This morning I heard the name of a food which peaked my curiosity. It was farik or freekeh. At first I was thinking freak from the hippy days. Then I was thinking of clay freak. (What else would a clay freak like me think). Then I heard the spelling and realized it was something else. I'm still learning something new every day.
What is farik, freekeh, or frikeh? Have you heard of it? Have you eaten it. The grain is an Arab or Middle Eastern dish, can be eaten as a cereal or a side dish, and was mentioned as early as the 13th century in cooking from Baghdad. The farik is harvested when the seeds are soft and not quite ripe. The seeds are piled up and sun dried. Then a fire is built around the perimeter. Since the seeds contain a lot of moisture they don't catch fire. The straw or chaff is burned while the farik is thrashed or turned and thus takes on it's characteristic smokey flavor.
Two months ago we finally sold our house and now we're living in our RV full time and are searching for a new place to live and set up a studio. Last week I ran out of clay and yesterday I took the last of my greenware to be fired. Last night I was wondering what will I do now? I read another book and did some more sketches in my journal but was still having a hard time falling asleep.
This morning I took Gary to work at 5 am, came back to our RV, turned on my computer and the TV. We get a few local television channels free via our RV antenna. This morning a woman was telling Dr. Oz about the type of foods she ate while loosing weight. Farik was one of the foods she mentioned. Apparently farik is not only tasty, but nutritionally good too. Compared to rice or pasta, farik has more calcium, potassium, iron, and zinc.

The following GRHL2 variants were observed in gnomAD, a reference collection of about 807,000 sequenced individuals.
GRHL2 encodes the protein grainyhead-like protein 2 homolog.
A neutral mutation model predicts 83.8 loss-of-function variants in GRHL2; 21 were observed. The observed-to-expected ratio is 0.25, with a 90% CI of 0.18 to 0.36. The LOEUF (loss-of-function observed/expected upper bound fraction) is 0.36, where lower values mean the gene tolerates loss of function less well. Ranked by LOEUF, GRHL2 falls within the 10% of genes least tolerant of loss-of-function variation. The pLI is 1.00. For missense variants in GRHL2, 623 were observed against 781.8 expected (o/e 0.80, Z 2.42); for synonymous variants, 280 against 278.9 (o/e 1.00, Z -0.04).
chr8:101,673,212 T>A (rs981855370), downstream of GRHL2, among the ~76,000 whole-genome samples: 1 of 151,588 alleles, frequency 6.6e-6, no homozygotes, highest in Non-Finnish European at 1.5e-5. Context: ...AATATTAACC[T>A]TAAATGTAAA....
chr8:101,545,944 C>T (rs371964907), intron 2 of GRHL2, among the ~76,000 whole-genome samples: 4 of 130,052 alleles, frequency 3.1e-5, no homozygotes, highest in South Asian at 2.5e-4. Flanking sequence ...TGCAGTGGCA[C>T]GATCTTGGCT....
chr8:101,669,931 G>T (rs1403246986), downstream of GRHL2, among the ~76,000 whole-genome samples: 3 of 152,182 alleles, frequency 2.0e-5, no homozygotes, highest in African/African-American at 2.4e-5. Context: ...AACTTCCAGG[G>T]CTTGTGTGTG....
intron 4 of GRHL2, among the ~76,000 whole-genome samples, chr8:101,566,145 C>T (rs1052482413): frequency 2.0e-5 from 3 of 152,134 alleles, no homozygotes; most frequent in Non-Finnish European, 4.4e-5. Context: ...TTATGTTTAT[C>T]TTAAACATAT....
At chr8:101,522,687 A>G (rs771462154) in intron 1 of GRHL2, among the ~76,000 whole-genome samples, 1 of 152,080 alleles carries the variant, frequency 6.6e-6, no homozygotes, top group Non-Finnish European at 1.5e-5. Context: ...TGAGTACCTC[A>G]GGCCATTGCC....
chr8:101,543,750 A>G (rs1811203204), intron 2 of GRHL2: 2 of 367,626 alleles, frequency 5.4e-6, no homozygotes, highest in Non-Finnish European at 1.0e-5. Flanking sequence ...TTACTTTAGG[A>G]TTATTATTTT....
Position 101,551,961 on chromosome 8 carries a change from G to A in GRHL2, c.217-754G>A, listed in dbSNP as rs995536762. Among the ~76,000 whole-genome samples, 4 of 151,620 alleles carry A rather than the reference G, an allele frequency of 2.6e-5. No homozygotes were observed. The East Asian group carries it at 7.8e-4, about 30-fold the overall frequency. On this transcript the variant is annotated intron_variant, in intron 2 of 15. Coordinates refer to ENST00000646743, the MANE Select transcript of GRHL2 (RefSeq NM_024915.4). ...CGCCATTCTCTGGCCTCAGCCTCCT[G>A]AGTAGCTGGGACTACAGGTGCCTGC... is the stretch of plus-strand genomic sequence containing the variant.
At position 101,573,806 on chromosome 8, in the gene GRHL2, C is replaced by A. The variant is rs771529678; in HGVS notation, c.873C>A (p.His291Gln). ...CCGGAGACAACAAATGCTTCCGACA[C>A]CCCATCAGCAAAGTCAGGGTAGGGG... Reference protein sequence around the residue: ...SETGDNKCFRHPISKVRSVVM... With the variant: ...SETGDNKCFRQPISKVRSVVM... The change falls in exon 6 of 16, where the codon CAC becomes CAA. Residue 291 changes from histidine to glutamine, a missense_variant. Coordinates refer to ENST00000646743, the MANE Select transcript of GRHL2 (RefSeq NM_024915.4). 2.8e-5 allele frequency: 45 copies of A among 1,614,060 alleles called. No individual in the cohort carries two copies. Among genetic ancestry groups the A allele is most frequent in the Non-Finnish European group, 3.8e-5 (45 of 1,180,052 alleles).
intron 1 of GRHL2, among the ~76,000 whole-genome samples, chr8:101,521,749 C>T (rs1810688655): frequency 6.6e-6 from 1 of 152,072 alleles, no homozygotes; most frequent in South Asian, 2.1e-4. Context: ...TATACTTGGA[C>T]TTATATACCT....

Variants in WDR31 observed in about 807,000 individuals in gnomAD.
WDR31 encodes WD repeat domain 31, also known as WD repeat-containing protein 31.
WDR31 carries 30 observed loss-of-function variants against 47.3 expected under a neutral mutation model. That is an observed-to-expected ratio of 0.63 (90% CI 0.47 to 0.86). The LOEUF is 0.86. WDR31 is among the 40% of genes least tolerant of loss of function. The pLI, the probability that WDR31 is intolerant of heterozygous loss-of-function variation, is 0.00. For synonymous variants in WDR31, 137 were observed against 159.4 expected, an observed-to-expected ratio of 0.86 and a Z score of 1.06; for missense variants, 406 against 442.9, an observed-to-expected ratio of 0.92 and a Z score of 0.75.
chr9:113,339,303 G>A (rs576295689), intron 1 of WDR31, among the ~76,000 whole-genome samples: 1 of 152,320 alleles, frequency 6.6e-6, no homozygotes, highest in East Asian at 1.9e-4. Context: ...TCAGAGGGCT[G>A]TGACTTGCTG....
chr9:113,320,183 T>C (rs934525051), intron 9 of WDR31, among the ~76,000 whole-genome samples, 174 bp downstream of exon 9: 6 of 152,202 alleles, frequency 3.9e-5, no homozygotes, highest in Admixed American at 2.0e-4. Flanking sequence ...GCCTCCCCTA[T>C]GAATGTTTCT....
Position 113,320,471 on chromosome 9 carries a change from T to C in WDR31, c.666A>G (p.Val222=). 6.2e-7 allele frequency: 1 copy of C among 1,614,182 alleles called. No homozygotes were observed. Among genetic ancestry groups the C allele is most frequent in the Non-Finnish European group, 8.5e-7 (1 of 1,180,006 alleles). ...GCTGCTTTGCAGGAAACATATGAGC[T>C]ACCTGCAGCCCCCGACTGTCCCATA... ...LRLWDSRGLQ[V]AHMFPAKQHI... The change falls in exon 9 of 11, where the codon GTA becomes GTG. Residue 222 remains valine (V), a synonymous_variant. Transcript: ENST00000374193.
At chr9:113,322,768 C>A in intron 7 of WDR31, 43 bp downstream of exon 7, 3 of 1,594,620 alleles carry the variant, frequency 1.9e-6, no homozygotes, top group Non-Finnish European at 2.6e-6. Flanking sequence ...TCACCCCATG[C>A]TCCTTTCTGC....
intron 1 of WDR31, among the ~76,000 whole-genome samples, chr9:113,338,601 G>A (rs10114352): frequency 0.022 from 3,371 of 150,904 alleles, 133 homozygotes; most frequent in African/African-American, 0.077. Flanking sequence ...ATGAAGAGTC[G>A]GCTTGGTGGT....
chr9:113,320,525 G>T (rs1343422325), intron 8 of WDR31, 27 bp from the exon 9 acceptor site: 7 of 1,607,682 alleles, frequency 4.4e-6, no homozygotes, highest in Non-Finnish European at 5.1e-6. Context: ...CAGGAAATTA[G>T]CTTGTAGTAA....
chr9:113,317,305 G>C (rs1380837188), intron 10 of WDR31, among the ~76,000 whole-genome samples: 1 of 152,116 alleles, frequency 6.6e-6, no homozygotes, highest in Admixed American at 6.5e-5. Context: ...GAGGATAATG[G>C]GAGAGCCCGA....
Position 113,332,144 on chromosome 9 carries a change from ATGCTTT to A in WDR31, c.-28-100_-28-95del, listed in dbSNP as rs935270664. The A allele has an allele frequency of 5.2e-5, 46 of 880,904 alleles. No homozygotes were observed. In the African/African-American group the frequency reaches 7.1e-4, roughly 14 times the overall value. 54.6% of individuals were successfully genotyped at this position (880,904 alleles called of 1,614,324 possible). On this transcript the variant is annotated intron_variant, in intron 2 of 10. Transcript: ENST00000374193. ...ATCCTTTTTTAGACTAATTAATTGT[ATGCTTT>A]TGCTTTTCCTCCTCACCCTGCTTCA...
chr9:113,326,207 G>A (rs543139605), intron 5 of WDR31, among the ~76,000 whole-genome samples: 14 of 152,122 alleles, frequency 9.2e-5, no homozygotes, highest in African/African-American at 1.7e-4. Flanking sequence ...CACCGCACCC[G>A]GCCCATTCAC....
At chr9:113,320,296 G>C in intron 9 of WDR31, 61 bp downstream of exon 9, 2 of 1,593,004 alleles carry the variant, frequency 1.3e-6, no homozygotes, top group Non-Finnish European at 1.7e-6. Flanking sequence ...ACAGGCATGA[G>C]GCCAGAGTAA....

Over the past several years my life was rather stressful and, hey, stress causes weight gain. With the new year upon me I've decided to start on a second journey. Besides looking for a new home, I plan to improve my nutrition and loose some weight. I already have good nutrition, but there is always room for improvement in anything.
The TV show this morning also said Smaller plates encourage eating smaller portions. Not only that, but a study showed using smaller serving utensils also encourages eating smaller portions. Many dinner or supper plates are 12 inches which encourages placing larger portions on the plate to fill the plate. Using an 8 or 9 inch plate encourages placing smaller portions to fill the plate. Since I make ceramics, I plan to look at my functional ceramics and make a conscious effort to reduce their size to encourage smaller portions.
My local health food store said they never heard of farik or freekeh. I'll check at Trader Joe's the end of the week where I'm told freekeh is carried. Please come back to hear more about my journey in clay, search for a new home, and more about recipes hopefully using farik and other nutritional foods. Comments and suggestions are welcome.